Journey to Marfa

Marfa, Texas has been this ethereal, urban legend of a city that I didn’t believe existed beyond Instagram and the trademark Prada store sculpture. Going there is a luxurious treat for most, and an unquestionable rite of passage for Austinites. So when an invite to my former bosses Marfa wedding landed in my lap, it took me little time & contemplation to get this trip in the works and marked onto my calendar. I took off with a friend early on a Friday morning, and we were quickly booking it 80 miles per hour down the I-10 - 8 glorious hours of coasting and roasting in my AC-less car. The weak radio connection could barely crackle over the wind whipping through my wide-open windows. ("I'm gonna turn on the AC!" ....and then the windows would proceed to roll down.) Us overheated passengers stifled our whines and endured the heat quietly, shirtless and soaking in our own sweat. We were undeniably and anxiously bound for far West Texas. 

light-test-1-3.jpg

Before landing in Marfa, there was a unanimous decision to camp the night prior in the beautiful Davis Mountains. Within those mountains lives McDonald Observatory which hosts a bunch of wild telescopes and some of the darkest skies in the continental US. It was an ideal spot for stargazing and to see the full moon rise above stormy, clouded skies.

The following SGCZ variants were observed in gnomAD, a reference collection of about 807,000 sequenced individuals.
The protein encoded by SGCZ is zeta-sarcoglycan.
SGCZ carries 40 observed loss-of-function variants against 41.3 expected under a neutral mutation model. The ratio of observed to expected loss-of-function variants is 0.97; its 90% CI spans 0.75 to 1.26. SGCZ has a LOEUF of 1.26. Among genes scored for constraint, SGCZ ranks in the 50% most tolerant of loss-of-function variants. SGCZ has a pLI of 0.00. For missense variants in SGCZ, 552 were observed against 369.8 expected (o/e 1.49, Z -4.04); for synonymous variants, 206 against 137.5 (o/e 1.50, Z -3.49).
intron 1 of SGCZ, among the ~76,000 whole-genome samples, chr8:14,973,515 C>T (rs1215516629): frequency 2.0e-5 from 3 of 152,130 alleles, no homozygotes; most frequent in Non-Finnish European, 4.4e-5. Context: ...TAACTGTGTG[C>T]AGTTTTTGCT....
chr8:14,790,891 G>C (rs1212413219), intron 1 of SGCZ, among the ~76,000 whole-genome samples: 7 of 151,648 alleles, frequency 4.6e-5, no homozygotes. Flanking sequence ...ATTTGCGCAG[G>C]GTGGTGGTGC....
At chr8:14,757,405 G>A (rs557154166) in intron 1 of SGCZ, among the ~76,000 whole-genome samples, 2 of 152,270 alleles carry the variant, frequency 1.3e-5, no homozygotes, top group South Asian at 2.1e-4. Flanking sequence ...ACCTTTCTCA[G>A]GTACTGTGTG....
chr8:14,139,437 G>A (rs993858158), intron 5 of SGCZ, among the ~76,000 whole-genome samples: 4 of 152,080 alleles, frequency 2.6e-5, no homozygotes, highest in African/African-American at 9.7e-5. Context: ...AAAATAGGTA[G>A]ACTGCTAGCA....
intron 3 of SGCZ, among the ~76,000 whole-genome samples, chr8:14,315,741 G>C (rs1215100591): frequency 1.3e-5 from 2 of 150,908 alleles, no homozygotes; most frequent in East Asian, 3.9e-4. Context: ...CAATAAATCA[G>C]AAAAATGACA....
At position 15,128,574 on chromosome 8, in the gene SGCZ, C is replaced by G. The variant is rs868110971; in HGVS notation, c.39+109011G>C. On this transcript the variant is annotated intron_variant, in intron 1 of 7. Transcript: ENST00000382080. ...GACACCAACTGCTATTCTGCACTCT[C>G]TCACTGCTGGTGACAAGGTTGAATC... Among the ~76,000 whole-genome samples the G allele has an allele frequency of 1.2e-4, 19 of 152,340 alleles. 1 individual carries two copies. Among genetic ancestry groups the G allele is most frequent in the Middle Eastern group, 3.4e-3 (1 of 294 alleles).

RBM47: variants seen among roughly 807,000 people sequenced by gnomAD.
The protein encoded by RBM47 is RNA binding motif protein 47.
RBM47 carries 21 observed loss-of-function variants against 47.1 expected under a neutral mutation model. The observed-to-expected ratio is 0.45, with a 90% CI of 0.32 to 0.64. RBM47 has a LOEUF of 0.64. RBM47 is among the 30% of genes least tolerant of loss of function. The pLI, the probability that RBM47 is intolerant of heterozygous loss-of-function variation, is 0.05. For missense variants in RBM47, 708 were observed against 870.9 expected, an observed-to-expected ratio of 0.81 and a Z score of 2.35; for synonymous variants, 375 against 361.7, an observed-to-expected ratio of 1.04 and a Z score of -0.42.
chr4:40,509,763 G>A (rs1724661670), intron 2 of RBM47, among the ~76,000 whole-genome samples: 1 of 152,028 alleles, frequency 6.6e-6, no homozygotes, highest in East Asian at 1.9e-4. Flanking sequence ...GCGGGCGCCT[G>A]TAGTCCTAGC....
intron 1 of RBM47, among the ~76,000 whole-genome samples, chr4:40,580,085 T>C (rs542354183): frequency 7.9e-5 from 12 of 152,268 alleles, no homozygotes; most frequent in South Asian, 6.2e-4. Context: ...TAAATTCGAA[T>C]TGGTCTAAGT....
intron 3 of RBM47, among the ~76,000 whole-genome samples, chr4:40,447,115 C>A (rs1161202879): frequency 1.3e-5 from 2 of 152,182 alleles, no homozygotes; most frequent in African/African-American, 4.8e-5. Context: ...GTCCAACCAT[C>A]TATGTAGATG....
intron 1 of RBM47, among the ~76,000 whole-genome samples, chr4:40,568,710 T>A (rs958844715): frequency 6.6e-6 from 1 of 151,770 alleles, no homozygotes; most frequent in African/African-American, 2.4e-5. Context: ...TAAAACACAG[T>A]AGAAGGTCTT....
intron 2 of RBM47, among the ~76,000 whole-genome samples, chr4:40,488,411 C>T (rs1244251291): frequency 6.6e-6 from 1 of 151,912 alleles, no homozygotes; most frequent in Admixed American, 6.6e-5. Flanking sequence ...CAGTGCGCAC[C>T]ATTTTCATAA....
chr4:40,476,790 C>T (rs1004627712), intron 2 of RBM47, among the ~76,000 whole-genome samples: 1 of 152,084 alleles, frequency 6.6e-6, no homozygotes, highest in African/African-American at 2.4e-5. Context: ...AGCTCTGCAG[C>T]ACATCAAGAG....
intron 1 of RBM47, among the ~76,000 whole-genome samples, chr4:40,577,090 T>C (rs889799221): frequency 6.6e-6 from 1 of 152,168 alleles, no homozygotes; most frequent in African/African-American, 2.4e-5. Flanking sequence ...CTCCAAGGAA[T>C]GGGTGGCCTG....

At 7000 ft above sea level, the air temp was a dry 60-ish degrees when the sun finally set, making for some amazing outdoor sleeping weather and a nice break from the typical Texas heat. There was a storm brewing all day long and some overnight rainfall, but come sunrise, there was no leftover evidence of the evening thunderstorm. Marfa was just a quick 30 minute drive away down one single, long desert road. 

Once Marfa came into view, it was quickly apparent how small the city actually is. Image one long Main Street with a small surrounding suburb plopped in the middle of the desert. Nothing commercially recognizable in site - just a mix of vacant looking buildings intertwined amongst ultra-modern galleries and chic hotels. 

The highly coveted El Cosmico was my first pick to check out, but it looked at little... deserted, and kind of lack-luster in the bright daylight. (On Instagram and I'm sure at nighttime, the place sparkles with glowing tee pees, wood-fired hot tubs, and the trendiest Texans you'll ever come across. The biggest highlight for me was visiting the Chinati Foundation - home to permanent artworks by Donald Judd and Dan Flavin. The art here literally lives and breathes within the landscape along 300+ acres of Marfa desert. 

The wedding was super chic and elegant, and passed by in a swift and blurry fashion. I saw friendly faces that I hadn't seen in years, and overall the air was bright & light. Even if I could never imagine living there, Marfa had definitely charmed me through flickers of subtle, simple moments.